Instead, Kinich Ahau hands you a Thank You Basket. Despite the trouble you’ve put them through, the gods appreciate it greatly that they have the sun back. Even then, though, it was only this god of light who wanted to bestow you with gifts. And in order to do so, he drew on what little knowledge about him survives — it’s not a lot, but it filled the basket.
For one, inside there’s a freakishly long calendar. Kinich Ahau was one of the guardians of the 52-year cycle called Landa, and he presided over a particular four-year stretch. Great, you always wanted a calendar with 1,460 days.
Another item in the basket is a gift card. You can spend a weekend of your choice at an aquatic paradise said to be one of his lands (sunscreen not included)… There’s also wooden number 4 in there, because heck, that’s his special number… And — oh, look.
Most importantly of all — and this present really makes you happy — is a VIP protection card. When the end of the world arrives and the legend comes true wherein Kinich Ahau destroys humanity with his jaguars, you’ll be safe. What a thoughtful guy.
Lugh — The Sun God of the Celts
Religion: Celtic mythology
Realms: God of the Sun, light, and crafts
Family: Son of princess Ethne and her lover Cian
Fun Fact: He’s one of the most beloved heroes in Irish folklore
Lugh, on the other hand, is not a thoughtful guy. When he sets his mind to something, he gets it done. Normally, he’s not a bad-tempered god, but he wants you out of Machu Picchu and away from the sun.
That’s a little insulting, but now’s not the time to stamp your foot like Sol. Kinich Ahau told you how Lugh’s determination won him a position at King Nuada’s palace and, on another occasion, helped him to defeat his own tyrannical grandfather, King Balor, in battle.
You’re no match for this kind of brawn — the closest you’ve come to battle was when that spider sat on your toothbrush.
Lugh is also carrying a deadly weapon — his spear, known as the “Spear of Victory” and the “Invincible Spear.” Both are apt titles, too, because Lugh can be stone drunk and throw like a monkey but he’ll still hit his target.
The Spear never misses. It could strike down a far-standing grandfather whose throne you seek as easily as a near-standing human who stole the sun.
Speaking of burning things, the weapon is too hot for anyone to handle except Lugh. And the longer he uses it, the hotter it becomes. Other weapons are stored in saferooms or locked drawers, but the spear has to rest in a vat of water at night to cool down.
This is critical. Should Lugh forget, the heat will grow until the spear catches fire and basically burns the world down.
A royal warrior Sun god. Check. An overly-dangerous mental focus. Check. A spear that can’t miss even if he tried. Check.
Yup. So, when he tells you to get moving, you happily take your gift basket and follow him down the mountain.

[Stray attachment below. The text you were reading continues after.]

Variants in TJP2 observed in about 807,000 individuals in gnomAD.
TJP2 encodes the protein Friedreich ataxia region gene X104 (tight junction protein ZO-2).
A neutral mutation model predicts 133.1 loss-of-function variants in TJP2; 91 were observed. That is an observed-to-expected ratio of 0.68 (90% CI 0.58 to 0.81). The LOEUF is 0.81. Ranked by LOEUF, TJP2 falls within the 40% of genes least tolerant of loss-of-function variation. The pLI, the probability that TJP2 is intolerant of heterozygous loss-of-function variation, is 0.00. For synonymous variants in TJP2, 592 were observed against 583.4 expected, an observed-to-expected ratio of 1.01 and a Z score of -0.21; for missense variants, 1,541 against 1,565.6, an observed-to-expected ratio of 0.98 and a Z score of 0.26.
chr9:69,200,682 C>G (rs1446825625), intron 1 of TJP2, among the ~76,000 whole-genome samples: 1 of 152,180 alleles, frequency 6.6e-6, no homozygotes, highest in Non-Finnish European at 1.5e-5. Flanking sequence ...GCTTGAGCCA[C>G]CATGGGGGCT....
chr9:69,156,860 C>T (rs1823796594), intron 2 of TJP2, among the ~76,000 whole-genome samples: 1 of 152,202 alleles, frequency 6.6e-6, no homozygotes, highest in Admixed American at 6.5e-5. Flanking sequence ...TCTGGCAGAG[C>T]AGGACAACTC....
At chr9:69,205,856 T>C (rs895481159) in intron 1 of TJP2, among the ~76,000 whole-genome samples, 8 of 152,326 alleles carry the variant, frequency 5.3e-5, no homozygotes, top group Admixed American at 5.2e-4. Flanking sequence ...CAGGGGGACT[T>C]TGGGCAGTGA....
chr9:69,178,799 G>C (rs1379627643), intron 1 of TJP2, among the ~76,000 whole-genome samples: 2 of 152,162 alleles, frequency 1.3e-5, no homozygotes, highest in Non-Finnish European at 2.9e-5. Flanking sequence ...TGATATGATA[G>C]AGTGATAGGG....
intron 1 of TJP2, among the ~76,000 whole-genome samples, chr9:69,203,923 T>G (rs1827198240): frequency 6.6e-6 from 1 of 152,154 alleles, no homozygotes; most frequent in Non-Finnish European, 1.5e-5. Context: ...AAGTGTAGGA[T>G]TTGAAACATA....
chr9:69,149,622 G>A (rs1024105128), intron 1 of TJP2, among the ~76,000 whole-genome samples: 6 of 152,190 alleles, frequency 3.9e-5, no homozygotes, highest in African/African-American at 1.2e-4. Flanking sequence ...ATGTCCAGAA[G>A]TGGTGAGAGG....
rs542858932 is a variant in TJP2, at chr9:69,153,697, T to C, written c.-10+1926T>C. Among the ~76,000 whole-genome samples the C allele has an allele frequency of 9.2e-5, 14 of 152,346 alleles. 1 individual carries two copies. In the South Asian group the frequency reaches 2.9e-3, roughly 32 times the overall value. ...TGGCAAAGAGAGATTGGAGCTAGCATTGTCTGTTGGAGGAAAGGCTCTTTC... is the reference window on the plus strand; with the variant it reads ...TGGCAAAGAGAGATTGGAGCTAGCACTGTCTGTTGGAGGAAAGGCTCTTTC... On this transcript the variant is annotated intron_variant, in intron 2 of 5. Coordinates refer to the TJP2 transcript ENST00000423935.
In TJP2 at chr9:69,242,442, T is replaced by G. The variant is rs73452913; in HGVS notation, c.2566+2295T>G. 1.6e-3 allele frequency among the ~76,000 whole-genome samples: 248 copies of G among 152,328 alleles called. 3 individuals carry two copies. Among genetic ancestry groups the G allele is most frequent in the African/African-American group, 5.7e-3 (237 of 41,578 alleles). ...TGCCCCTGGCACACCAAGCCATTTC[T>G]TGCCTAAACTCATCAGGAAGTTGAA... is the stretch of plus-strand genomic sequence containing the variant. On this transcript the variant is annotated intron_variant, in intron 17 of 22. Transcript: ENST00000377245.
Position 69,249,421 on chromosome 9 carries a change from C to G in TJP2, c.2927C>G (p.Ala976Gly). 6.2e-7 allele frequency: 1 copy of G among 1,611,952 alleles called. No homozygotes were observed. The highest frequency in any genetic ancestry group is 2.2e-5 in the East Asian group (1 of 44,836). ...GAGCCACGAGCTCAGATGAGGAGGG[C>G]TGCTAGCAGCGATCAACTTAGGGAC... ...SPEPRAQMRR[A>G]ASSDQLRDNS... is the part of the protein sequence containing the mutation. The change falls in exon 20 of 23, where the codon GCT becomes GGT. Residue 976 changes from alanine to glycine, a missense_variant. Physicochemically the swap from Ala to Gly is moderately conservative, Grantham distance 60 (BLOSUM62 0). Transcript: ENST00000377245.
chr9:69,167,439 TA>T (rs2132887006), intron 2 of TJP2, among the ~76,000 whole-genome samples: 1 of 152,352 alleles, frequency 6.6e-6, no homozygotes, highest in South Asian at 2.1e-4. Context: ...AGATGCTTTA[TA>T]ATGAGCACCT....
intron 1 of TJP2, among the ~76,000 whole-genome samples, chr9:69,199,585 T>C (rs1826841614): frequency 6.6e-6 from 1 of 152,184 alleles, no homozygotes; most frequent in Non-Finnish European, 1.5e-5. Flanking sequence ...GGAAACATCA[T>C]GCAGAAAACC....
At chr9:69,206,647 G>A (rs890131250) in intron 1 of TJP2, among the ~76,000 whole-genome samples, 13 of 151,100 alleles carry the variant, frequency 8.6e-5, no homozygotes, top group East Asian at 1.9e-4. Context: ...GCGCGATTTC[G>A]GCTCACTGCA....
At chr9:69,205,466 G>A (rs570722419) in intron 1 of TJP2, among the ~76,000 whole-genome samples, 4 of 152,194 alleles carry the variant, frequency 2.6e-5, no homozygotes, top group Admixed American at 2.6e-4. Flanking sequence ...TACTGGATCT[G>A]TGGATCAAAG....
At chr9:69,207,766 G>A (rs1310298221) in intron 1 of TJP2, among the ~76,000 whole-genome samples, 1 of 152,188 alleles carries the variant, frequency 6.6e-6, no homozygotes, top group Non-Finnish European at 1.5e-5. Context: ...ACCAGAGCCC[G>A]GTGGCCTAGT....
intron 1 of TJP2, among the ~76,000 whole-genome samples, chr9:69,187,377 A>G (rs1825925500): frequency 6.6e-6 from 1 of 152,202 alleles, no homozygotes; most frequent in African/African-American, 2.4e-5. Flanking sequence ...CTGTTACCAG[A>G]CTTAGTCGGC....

Mithra — Persian Sun God
Religion: Persian mythology
Realms: God of the rising Sun, friendship, war, covenants, contracts, the seasons, cosmic order, royalty
Fun Fact: Conspiracy theorists believe that this ancient god was poached by Christianity to create Jesus
Your adventure ends with a movie moment; you and Mithra are sitting on your front porch watching the sun rise back to its rightful place in the sky. It’s fitting that he’s with you to witness the moment. After all, he is the god of the rising Sun.
But Mithra isn’t there for the view alone — although he did enjoy your coffee and rusks while watching dawn break into day. Instead, this god appreciates order. For thousands of years, he has wielded his power to keep the seasons and cosmos ticking like clockwork.
Back in the day, Mithra protected kings and gave them a divine right to rule. However, he made them sign a contract to keep the order — but more specifically, the god wanted to see leaders who cared for their people. Neglecting them was a good way to break a covenant with him, and if they did then he removed his support from the king.
Nobody wanted that — this god kept the forces of darkness in check, judged souls in the afterlife, and protected humanity. He’s kind of important.
At the moment, he’s ruffling your hair. He’s impressed with your hijacking shenanigans, but it’s time for order now. The god conjures a contract which states that you will never interfere with divine matters again. It’s not just a matter of signing — Mithra can’t be deceived and knows instantly when someone’s heart isn’t true.
But this time, you don’t doubt your own intentions and scribble your signature on the bottom. You are done with trying to turn a celestial body into profit.
You like Mithra, he seems like a cool guy. And it’s not every day that one gets to meet a Persian god that is still worshipped. These days, he’s a Zoroastrian god, but the really incredible fact is that Mithra’s followers have honored him continuously for over 4,000 years.
Pack Your Suitcase and Head for Paradise
Tough day. A weekend at an Incan paradise seems like the perfect way to unwind.
After rifling through Kinich Ahau’s gift basket, you use the calendar to pick your date and start packing. Things turned out pretty well — besides the threats and bribes from the angrier gods. But you’ve also befriended a few, and solar mythology is coming out of your ears.
Speaking of which, you might not know which of these gods owns the sun, but it’s easy to see why they were once so widely revered. If anything, the gods taught you the precious connection between the Sun and life — without daylight, the world as we know it cannot exist.
Alright, enough drama. Aquatic Maya paradise, here you come.